The poor nations of the world would not be exempt from this but the rich nations that became rich by pillaging the world would provide the money to help these poorer nations become compliant with international standards (which of course are woefully inadequate as the rich drew those up with profitability in mind.)

Is this fantasy? Of course it is, but I couldn't help posting this. Rich nations need to keep poor nations poor. Do you really think the western powers want to see poorer nations gain any real trading power? Of course not, we want access to these markets so our big companies can go there and take over even more. Really a very pathetic statement on the social evolution of our species.

Take the time to question things for yourself, all things.
[ Reply to This | Parent ]
Fair Trade/Free Trade
by JimJohnson on Tuesday January 13, @06:24AM (#4586)
User #413 Info
I would wish that Mr. Martin would try to carve out a more healthy trade position relative to all of the countries sharing the Western Hemisphere. Canada should be distancing itself from the "Free" trade concept which has proven itself to be a disaster for Canada, the US, and Mexico... at least if one is just a citizen and not a corporate mogul.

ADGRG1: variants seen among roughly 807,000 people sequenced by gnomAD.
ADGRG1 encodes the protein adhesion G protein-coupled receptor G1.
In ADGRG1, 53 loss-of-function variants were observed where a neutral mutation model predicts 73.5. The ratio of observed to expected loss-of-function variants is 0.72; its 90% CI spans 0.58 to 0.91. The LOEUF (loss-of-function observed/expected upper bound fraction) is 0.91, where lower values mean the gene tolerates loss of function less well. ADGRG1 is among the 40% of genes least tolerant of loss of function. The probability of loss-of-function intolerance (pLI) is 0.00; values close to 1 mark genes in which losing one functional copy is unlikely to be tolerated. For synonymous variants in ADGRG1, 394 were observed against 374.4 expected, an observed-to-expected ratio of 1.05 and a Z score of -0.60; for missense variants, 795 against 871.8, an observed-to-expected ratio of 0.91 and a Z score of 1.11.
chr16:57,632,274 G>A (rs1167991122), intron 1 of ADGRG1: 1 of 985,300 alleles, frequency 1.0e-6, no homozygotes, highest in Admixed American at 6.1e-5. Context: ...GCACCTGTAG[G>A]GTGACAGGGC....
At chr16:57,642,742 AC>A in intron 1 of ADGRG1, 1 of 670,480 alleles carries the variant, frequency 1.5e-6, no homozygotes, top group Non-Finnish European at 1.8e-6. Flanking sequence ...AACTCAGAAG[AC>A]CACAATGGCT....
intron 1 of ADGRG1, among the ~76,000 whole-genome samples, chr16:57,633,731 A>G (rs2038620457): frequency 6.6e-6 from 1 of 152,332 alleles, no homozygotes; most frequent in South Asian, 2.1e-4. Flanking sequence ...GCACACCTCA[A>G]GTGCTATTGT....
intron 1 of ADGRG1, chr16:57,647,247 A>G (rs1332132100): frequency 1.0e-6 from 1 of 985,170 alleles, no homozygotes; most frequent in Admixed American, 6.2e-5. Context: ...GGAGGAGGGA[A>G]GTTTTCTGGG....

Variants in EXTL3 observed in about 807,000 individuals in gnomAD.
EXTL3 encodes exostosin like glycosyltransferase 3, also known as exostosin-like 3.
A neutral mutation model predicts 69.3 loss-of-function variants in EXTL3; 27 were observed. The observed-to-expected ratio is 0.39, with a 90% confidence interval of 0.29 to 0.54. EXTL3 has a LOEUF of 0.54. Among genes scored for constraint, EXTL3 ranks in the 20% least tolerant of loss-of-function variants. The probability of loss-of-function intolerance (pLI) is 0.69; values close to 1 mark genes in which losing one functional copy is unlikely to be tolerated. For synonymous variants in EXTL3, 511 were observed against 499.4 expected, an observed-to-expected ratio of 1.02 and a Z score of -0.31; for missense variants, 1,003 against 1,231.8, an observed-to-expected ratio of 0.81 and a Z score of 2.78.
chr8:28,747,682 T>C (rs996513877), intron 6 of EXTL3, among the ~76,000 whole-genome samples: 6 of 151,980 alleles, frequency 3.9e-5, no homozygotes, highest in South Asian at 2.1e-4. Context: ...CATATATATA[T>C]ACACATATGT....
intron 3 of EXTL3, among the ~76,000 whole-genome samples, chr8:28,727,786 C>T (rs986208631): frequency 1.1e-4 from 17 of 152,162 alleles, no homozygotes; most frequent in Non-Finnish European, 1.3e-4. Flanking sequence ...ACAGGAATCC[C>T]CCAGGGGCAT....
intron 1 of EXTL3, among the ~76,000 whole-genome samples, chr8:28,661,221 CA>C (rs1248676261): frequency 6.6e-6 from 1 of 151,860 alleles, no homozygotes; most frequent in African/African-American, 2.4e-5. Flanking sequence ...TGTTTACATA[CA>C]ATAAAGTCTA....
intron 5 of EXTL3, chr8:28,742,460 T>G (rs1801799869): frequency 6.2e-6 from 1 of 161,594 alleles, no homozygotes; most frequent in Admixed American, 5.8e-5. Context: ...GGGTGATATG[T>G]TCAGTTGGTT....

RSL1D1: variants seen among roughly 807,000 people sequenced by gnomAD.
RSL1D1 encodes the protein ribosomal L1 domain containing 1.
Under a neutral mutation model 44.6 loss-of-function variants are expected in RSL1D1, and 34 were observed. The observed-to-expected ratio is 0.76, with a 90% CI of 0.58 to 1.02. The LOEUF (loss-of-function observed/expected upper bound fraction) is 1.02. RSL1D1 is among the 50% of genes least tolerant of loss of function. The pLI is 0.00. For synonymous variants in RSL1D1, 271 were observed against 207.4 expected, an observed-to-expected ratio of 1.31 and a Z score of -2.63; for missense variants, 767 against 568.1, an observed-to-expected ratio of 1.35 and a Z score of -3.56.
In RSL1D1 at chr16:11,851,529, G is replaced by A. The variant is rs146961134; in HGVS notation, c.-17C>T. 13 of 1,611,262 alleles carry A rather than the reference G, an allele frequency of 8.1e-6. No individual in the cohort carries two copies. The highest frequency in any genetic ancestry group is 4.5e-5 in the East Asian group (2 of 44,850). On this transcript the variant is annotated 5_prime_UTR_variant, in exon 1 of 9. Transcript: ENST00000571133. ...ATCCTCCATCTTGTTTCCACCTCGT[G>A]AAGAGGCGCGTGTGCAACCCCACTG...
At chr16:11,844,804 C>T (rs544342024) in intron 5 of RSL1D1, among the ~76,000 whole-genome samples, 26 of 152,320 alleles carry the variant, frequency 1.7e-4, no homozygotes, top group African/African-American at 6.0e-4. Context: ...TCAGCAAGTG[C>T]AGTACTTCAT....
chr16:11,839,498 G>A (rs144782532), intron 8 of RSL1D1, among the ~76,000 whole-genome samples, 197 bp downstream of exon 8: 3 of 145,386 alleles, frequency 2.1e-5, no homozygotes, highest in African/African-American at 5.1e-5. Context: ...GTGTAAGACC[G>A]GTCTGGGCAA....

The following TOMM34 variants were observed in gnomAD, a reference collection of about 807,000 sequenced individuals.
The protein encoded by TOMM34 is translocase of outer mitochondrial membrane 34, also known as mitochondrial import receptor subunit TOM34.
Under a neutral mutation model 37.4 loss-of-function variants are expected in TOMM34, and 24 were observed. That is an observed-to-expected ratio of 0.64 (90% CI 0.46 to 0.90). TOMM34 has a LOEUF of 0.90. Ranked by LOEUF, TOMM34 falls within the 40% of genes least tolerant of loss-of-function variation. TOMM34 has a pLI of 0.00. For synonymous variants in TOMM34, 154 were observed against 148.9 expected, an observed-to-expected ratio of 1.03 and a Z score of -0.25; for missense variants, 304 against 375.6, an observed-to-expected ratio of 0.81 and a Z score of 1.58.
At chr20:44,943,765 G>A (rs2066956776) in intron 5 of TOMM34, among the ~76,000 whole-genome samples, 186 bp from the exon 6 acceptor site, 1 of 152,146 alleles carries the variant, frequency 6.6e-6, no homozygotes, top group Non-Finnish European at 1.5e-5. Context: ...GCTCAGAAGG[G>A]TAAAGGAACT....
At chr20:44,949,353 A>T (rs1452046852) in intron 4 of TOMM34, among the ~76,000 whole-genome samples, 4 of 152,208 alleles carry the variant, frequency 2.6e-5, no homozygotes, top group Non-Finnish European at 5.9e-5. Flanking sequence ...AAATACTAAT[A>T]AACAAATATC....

As a nation, we should be promoting the constant improvement of living standards everywhere, but never losing sight of the effects of global conditions on our own citizens first. Over the last decade, we have definitely taken our collective eye off the ball, and allowed the corporate agenda to take over. It is time to step back from the brink, stop the "race to the bottom" concept of trade and act as if the fate of the planet depended on "fairness" rather than short-term profitability.

I have little hope that Mr. Martin will do anything other than try to pick up where Brian Mulroney left off.
[ Reply to This | Parent ]
And in this corner....!
by Dubya on Tuesday January 13, @04:18PM (#4590)
User #1827 Info
And in this corner....One schill who supports a capatilistic democratic perspective, and in the other corner, 50 people who bash American economic policy....Our SPONSORS for this evening, the Canadian taxpayer! Yeaaaaa! Clap, clap!
[ Reply to This | Parent ]
Ya Basta!
by LninYo on Wednesday January 14, @03:23PM (#4599)
User #164 Info
Happy 10th! The revoloution will be IM'd!!

No good deed ever goes unpunished
[ Reply to This | Parent ]
by derk on Wednesday January 14, @04:04PM (#4600)
User #1826 Info